In Muehler v. Mena, No. 03-1423 (March 22, 2005), the Supreme Court held that the detention in handcuffs of an occupant of premises which were being search for weapons and evidence of gang membership did not violate the Fourth Amendment and therefore could not give rise to a suit under 42 U.S.C. § 1983.
The Court noted that under Michigan v. Summers, police has the authority to detain occupants of premises while a proper search is being conducted. The use of force in the form of handcuffs to detain Mena was reasonable here because the governmental interest in minimizing the risk of harm to both officers and occupants, at its maximum when a warrant authorizes a search for weapons and a wanted gang member resides on the premises, outweighs the marginal intrusion.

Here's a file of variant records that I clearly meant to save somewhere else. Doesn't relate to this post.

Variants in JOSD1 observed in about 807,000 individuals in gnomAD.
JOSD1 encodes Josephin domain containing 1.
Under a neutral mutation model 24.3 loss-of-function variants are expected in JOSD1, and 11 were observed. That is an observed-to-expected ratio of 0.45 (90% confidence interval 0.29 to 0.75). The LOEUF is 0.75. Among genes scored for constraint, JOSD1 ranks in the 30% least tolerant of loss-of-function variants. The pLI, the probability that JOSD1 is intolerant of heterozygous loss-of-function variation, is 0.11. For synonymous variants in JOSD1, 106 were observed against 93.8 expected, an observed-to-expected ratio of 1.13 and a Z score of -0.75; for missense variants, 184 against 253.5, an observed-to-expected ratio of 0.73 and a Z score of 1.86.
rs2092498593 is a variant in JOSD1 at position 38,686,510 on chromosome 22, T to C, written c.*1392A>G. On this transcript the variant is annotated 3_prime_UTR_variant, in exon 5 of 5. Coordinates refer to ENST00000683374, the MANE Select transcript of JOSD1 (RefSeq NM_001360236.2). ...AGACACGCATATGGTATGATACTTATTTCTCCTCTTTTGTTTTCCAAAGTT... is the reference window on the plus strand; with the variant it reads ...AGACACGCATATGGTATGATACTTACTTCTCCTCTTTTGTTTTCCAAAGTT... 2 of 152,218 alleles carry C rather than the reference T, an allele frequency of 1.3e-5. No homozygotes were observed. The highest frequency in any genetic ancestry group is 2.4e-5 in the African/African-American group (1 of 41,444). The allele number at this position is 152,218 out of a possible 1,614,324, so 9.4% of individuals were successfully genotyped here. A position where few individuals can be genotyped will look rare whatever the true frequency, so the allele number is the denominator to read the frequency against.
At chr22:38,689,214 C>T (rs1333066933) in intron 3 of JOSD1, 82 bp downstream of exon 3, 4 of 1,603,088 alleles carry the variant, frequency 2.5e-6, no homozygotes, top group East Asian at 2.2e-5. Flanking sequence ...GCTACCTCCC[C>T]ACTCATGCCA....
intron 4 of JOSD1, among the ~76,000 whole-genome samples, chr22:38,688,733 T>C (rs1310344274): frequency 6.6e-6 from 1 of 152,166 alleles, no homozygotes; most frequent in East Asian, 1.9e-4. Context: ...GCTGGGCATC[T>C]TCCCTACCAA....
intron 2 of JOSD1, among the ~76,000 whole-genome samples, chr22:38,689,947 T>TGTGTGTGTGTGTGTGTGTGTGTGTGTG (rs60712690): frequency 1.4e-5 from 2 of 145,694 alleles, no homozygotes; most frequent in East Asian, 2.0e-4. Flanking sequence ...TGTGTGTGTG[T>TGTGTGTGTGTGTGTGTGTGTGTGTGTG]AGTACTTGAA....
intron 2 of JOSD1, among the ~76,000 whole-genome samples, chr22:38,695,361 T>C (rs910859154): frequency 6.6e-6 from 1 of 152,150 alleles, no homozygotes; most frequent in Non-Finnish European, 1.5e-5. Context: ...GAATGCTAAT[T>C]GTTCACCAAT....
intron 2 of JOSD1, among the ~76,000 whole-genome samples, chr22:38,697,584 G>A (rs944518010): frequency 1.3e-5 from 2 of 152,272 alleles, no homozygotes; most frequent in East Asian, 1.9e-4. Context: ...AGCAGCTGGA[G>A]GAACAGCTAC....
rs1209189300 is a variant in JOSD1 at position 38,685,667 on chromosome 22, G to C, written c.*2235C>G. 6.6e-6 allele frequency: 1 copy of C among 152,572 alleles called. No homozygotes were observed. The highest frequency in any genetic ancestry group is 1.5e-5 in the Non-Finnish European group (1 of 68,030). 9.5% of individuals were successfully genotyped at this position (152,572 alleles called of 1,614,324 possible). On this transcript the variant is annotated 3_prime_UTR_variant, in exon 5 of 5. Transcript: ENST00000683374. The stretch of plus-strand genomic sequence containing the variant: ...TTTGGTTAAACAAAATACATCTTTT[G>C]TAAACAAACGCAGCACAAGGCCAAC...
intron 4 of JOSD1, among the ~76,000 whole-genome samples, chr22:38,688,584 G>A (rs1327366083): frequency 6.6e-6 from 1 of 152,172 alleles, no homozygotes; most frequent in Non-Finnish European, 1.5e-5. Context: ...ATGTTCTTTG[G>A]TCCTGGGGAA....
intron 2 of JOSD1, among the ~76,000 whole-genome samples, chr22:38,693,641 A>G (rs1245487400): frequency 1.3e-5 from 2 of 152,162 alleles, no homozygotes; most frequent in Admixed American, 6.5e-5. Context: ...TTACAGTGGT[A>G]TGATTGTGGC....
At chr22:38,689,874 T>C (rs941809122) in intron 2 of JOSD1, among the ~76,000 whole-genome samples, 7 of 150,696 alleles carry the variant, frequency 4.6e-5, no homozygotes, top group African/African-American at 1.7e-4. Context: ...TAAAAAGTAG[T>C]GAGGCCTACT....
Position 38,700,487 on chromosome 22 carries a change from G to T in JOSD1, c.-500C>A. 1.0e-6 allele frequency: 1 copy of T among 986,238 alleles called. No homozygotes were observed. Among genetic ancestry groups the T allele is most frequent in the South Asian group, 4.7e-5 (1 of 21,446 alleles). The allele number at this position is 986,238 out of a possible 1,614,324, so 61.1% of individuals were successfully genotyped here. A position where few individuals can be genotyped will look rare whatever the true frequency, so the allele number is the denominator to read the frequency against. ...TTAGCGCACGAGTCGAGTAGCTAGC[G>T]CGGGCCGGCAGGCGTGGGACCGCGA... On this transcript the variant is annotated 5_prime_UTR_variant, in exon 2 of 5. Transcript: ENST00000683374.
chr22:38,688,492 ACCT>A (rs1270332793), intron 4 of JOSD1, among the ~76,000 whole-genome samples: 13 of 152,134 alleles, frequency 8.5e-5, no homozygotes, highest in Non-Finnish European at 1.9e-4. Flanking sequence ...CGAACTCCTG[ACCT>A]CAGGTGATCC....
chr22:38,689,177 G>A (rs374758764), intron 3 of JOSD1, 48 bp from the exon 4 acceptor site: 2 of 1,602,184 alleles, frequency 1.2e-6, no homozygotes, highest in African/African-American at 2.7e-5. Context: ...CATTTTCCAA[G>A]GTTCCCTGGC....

The Court also found no Fourth Amendment violation in the questioning of Mesa about her immigration status. Mere police questioning does not constitute a "seizure."
The Court remanded the case for consideration of Mesa’s argument that the length of her detention violated the Fourth Amendment.
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